Her music was blacklisted by LBJ, but is still very much available, and known around the world.  And the royalties she earns go a lot farther than her personal bank account.

She became a singer after getting her PhD.  She had expected to eventually become a teacher on a reservation, but took a break to try the coffeehouse folksinger circuit.  With the fortune she made from her music career, she founded The Nihewan Foundation for Native American Education, and later, the Cradleboard Teaching Project , both of which are very active now.

I also remember her from Sesame Street (some good pictures).  I recently read this:

During the five years that Buffy Sainte-Marie spent as a semi-regular on “Sesame Street”, it was always her hope to convey in the Native American episodes one message above all: Indians Exist. We are alive and real, and we have fun and friends and families and a whole lot to contribute to the rest of the world through our reality.

But as I grew up, I learned that most people I met had some ideas about American Indians but often little knowledge of Native history in this country, or if they had that, they often knew little to nothing about what is actually happening now, both the good and the bad (beyond casinos of course).  And in recent years, I had fallen completely out of touch myself.  It’s easy to do if you don’t actually know any Indians well, even if you’re interested. You won’t see that news on TV, or even hear it on NPR very often.  They still seem to be a minority among minorities, just under 3 million according to the 2003 census data.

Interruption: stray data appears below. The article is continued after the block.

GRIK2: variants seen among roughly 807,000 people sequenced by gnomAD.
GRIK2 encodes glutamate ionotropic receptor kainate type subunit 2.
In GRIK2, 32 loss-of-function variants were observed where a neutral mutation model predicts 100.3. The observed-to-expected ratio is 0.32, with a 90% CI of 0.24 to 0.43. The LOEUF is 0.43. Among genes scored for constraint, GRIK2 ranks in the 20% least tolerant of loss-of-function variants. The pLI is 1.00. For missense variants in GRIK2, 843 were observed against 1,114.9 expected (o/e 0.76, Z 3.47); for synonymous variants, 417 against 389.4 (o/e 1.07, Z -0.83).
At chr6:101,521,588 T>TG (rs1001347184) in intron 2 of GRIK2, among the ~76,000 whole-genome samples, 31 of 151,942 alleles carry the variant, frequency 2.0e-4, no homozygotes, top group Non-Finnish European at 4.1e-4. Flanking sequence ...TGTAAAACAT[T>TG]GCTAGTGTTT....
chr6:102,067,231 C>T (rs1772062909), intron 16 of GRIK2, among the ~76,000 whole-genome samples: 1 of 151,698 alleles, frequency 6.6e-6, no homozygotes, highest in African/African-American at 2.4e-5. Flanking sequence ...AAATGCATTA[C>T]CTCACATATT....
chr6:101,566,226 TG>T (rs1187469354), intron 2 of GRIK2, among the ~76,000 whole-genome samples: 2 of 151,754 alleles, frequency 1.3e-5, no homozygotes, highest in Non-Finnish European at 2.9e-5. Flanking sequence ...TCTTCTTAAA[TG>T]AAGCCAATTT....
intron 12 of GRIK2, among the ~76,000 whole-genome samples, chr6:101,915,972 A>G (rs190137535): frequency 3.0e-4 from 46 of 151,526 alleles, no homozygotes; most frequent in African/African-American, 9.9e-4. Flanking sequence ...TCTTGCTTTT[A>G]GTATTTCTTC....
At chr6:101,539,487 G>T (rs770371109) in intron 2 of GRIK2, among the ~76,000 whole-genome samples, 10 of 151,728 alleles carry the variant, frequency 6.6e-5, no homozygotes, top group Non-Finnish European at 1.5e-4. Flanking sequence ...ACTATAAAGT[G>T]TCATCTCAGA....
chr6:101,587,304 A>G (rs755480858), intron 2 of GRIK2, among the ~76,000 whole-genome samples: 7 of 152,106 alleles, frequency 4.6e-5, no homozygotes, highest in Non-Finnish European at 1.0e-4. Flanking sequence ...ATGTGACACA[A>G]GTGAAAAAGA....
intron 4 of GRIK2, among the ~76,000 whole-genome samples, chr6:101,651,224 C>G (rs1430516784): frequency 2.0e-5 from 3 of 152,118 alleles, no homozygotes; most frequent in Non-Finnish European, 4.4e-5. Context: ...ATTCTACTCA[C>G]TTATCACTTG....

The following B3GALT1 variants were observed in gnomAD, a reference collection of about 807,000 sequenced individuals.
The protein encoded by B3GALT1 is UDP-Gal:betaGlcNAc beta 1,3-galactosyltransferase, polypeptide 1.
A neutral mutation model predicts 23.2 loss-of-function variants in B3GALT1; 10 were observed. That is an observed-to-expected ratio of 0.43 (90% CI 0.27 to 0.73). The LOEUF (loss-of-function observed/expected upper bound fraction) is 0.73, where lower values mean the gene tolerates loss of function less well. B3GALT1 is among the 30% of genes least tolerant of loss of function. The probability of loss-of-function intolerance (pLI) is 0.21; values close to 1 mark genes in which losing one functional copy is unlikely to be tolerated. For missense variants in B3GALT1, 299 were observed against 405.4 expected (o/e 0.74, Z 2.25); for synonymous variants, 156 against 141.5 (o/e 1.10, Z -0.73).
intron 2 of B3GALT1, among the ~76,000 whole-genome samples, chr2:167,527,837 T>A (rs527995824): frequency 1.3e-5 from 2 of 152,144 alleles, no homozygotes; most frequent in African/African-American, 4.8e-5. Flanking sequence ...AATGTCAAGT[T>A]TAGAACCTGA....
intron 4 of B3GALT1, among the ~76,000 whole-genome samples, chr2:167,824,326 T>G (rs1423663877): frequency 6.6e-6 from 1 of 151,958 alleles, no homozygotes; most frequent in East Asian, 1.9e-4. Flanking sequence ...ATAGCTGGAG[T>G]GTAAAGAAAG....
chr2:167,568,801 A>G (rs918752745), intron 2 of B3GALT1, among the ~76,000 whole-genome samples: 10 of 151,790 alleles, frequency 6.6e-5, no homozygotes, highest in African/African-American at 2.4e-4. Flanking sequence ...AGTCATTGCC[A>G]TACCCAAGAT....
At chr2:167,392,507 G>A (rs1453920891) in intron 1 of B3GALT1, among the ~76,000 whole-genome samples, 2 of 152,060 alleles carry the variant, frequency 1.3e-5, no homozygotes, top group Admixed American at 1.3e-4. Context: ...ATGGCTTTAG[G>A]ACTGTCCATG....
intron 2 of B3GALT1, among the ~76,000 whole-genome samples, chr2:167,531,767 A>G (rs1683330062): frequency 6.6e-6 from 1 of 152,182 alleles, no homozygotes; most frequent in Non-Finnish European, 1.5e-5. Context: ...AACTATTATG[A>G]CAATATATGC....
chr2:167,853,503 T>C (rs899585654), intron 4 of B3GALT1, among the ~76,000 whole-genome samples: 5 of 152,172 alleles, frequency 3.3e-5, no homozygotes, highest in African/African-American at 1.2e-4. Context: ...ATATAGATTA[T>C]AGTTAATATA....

So, I thought I’d write up a quick list of resources for this November and Thanksgiving.  Let me know what glaring gaps you see in the list, I’m looking to know more myself.